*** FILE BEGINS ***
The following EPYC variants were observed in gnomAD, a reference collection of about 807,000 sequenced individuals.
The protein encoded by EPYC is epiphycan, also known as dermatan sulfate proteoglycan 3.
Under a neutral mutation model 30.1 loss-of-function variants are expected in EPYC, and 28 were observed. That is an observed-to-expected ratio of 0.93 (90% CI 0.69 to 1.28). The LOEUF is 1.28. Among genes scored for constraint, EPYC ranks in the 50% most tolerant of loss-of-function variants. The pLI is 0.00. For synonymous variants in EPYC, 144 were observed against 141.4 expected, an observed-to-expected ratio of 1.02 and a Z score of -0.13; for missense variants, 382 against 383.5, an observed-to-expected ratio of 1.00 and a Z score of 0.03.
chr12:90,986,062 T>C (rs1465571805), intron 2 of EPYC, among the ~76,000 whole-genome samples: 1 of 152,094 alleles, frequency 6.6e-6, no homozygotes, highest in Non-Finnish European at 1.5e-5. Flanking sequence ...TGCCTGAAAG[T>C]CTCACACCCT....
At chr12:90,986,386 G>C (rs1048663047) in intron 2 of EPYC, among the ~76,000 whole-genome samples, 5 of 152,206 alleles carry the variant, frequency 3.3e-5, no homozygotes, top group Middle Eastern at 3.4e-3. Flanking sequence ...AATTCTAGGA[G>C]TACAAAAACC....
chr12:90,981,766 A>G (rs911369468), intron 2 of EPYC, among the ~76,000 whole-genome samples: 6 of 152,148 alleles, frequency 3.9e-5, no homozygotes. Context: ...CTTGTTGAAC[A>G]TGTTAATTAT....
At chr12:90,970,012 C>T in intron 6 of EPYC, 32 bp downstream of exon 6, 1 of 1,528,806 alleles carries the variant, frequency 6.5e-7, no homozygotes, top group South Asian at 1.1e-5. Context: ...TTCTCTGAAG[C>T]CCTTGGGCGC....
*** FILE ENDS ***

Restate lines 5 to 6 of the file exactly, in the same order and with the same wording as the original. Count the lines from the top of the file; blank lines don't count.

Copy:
At chr12:90,986,386 G>C (rs1048663047) in intron 2 of EPYC, among the ~76,000 whole-genome samples, 5 of 152,206 alleles carry the variant, frequency 3.3e-5, no homozygotes, top group Middle Eastern at 3.4e-3. Flanking sequence ...AATTCTAGGA[G>C]TACAAAAACC....
chr12:90,981,766 A>G (rs911369468), intron 2 of EPYC, among the ~76,000 whole-genome samples: 6 of 152,148 alleles, frequency 3.9e-5, no homozygotes. Context: ...CTTGTTGAAC[A>G]TGTTAATTAT....